Book Review: The Wolves of Willoughby Chase


British-born Joan Aiken (1924-2004) was a member of a family of writers. She loved writing and did so from an early age. There were possibly good opportunities for this, as she was educated at home by her master’s-graduate-mother until the age of 12. Joan Aiken herself did not go to any university. It was her editorial work that helped her to improve her writing skills. Joan Aiken also like to read and she was especially fond of ghost stories.

The Wolves of Willoughby Chase was published in 1962.  By then Aiken was able to write full-time. The Wolves of Willoughby Chase is a children’s book. The setting is partly London and partly Willoughby Chase up north of Britain. Joan Aiken rewrites the history to accommodate her own kind of world. The protagonist and hero is Bonnie Green. In fact, Bonnie Green was the original working title. It would have actually been a more suitable title, though not as interesting or catching as The Wolves of Willoughby Chase.

It is the wolves that prove slightly problematic in the book. They do not quite add to the plot as much as one might expect. Or could it be that Joan Aiken is thinking of wolves in multiple ways? Could people also be ‘wolves’? Be that as it may, Joan Aiken uses wolves to add drama. They might well frighten a child – even too much so, as here Joan Aiken is playing with the child’s fear of being eaten. The fright is positioned early in the book and stays throughout. How they feature in the end, is for the reader to find out. Joan Aiken, however, continues with the wolves in the follow-up books.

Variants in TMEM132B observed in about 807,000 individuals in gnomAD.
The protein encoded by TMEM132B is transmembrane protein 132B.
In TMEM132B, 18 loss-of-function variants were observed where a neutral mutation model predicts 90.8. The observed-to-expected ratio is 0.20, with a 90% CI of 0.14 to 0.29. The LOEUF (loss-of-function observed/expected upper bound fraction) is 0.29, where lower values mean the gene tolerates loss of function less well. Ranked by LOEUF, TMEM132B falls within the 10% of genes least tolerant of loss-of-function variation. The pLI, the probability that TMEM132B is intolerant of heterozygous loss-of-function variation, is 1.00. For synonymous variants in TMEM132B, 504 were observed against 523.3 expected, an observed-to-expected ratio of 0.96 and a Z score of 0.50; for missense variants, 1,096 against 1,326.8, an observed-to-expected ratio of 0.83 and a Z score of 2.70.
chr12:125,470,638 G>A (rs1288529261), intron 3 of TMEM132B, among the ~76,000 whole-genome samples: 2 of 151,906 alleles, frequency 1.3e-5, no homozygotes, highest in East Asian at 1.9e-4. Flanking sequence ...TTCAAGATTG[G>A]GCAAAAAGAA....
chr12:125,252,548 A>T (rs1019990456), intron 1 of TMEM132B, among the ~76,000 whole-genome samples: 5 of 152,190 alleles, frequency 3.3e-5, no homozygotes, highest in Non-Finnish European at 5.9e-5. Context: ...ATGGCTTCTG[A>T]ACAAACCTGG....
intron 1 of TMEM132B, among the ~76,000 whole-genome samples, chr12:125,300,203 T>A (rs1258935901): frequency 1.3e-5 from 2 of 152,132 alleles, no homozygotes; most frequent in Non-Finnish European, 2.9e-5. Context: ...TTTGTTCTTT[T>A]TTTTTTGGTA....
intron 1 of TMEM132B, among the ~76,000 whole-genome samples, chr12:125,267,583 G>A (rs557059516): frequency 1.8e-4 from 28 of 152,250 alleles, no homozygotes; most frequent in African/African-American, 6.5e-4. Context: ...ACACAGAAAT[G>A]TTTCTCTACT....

I can believe that Joan Aiken loves writing. The text flows and she has good sense of drama. The characters are varied and distinct, even if very stereotyped. The plot can be believed by children, and the inconsistencies and coincidence upon coincidence passed by. How this book and the pampered world of the protagonist will sit with a child reader of today, is an interesting question? The adult reader will, of course, be satisfied with the fact of having been introduced to Joan Aiken’s writing. Like I was.

Publisher: Vintage Books

Pages: 223

STARS: 3/5

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